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Coumarin Plant Poisoning Workup

  • Author: Arasi Thangavelu, MD, FACEP, FAAEM; Chief Editor: Asim Tarabar, MD  more...
 
Updated: Mar 31, 2014
 

Laboratory Studies

See the list below:

  • Obtain complete blood count, prothrombin time (PT) (expected to be normal if obtained shortly after ingestion), and International Normalized Ratio (INR).
    • Serial PTs at 24 and 48 hours postingestion should identify patients at risk of coagulopathy
    • The World Health Organization introduced INR in an effort to standardize the results of the PT test. Values of INR are independent of the reagents and methods and, therefore, are comparable between laboratories across the country and abroad. The INR is defined as the normal PT ratio that would result if the World Health Organization's primary international thromboplastin were used to test the patient's sample. INR = (Patient PT/ normal PT) ISIISI is the International Sensitivity Index of the thromboplastin used in the local laboratory.
  • A high performance liquid chromatographic method can be used to detect and quantify serum levels of the following 5 anticoagulant rodenticides: brodifacoum, bromadiolone, coumatetralyl, difenacoum, and warfarin. Warfarin and superwarfarin levels may be obtained; however, these specialized tests generally are not helpful in the ED setting.
  • In cases of surreptitious hydroxycoumarin use, vitamin K-2, -3 epoxide and vitamin K can be measured. Elevated levels of vitamin K-2, -3 epoxide suggest block of reductive step by a hydroxycoumarin.
  • Fresh frozen plasma provides active anticoagulation factors in patients with significant active bleeding.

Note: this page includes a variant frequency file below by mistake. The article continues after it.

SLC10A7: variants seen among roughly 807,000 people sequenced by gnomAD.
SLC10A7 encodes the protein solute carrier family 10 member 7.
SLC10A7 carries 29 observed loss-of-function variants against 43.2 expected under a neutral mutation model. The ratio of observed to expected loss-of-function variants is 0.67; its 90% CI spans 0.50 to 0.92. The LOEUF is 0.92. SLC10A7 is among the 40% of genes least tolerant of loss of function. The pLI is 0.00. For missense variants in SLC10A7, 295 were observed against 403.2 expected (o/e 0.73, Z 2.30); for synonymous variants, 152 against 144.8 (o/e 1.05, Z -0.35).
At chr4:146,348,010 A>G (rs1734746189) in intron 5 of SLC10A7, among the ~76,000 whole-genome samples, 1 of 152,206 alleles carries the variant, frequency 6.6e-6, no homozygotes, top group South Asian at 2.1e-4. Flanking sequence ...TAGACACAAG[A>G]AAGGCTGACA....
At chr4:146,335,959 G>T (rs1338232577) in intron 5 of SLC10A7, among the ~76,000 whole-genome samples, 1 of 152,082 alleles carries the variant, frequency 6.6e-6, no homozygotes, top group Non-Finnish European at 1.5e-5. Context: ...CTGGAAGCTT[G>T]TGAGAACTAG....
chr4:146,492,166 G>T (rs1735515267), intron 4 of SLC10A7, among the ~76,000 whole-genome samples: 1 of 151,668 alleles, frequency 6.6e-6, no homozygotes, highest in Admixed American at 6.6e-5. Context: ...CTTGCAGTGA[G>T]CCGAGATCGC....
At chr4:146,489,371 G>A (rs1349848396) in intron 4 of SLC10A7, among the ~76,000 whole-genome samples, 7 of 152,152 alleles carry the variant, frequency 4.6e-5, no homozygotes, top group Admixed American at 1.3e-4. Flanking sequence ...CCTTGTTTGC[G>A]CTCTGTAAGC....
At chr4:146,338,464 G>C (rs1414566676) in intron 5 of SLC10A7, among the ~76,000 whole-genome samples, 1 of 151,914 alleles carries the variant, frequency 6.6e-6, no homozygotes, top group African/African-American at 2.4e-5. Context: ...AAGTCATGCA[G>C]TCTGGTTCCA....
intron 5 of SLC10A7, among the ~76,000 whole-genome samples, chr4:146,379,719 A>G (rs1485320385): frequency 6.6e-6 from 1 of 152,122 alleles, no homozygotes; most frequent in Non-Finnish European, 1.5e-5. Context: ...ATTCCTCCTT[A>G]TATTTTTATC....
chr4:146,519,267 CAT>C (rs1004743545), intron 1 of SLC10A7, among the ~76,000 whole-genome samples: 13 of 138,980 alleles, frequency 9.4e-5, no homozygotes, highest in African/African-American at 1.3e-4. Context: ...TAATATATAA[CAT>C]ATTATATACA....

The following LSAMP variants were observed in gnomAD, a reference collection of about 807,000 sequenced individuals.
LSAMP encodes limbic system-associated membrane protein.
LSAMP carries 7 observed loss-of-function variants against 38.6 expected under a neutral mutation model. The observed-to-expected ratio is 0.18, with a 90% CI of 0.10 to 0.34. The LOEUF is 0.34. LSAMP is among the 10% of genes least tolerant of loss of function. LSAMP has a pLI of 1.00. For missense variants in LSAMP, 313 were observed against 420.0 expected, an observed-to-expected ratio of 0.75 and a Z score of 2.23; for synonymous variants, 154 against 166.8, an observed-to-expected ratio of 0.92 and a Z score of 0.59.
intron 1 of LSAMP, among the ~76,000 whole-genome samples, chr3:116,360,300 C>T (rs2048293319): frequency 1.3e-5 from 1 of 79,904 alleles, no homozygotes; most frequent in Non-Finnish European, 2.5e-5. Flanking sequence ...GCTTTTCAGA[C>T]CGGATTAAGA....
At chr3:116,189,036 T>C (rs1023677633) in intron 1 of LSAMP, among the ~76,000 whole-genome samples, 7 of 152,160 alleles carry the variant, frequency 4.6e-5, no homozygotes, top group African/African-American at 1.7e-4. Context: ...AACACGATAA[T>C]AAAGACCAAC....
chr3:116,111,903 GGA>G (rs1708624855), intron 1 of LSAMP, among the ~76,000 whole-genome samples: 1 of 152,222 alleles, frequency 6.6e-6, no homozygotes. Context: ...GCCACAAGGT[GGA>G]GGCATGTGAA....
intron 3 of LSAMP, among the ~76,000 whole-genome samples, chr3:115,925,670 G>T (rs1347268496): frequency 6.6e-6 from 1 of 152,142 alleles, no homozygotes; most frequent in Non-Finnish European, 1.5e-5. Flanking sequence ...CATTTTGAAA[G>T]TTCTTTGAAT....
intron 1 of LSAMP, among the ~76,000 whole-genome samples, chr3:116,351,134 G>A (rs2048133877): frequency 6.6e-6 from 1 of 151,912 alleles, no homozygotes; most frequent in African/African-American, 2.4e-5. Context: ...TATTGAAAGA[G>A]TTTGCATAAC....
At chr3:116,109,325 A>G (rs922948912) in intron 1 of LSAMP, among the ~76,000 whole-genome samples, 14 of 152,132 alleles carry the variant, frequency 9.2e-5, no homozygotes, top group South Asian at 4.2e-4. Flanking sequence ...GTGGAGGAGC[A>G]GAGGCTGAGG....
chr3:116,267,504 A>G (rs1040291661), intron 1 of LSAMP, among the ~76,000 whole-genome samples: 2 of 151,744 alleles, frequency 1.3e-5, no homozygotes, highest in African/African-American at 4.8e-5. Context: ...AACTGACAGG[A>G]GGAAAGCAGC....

• Type and crossmatch packed red cells in patients with hemodynamic compromise or significant blood loss.
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Imaging Studies

If intracranial hemorrhage is suspected, consider CT scan of the head.

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Contributor Information and Disclosures
Author

Arasi Thangavelu, MD, FACEP, FAAEM Consulting Staff, Department of Emergency Medicine, Archbold Memorial Hospital

Arasi Thangavelu, MD, FACEP, FAAEM is a member of the following medical societies: American Academy of Emergency Medicine, Emergency Medicine Residents' Association, American College of Emergency Physicians

Disclosure: Nothing to disclose.

Coauthor(s)

Lisandro Irizarry, MD, MPH, FACEP Chair, Department of Emergency Medicine, Wyckoff Heights Medical Center

Lisandro Irizarry, MD, MPH, FACEP is a member of the following medical societies: American Academy of Emergency Medicine, American College of Emergency Physicians, American College of Medical Toxicology, Society for Academic Emergency Medicine

Disclosure: Nothing to disclose.

Specialty Editor Board

John T VanDeVoort, PharmD Regional Director of Pharmacy, Sacred Heart and St Joseph's Hospitals

John T VanDeVoort, PharmD is a member of the following medical societies: American Society of Health-System Pharmacists

Disclosure: Nothing to disclose.

Chief Editor

Asim Tarabar, MD Assistant Professor, Director, Medical Toxicology, Department of Emergency Medicine, Yale University School of Medicine; Consulting Staff, Department of Emergency Medicine, Yale-New Haven Hospital

Disclosure: Nothing to disclose.

Additional Contributors

B Zane Horowitz, MD, FACMT Professor, Department of Emergency Medicine, Oregon Health and Sciences University School of Medicine; Medical Director, Oregon Poison Center; Medical Director, Alaska Poison Control System

B Zane Horowitz, MD, FACMT is a member of the following medical societies: American College of Medical Toxicology

Disclosure: Nothing to disclose.

Acknowledgements

Michael Hodgman, MD Assistant Clinical Professor of Medicine, Department of Emergency Medicine, Bassett Healthcare

Michael Hodgman, MD is a member of the following medical societies: American College of Medical Toxicology, American College of Physicians, Medical Society of the State of New York, and Wilderness Medical Society

Disclosure: Nothing to disclose.

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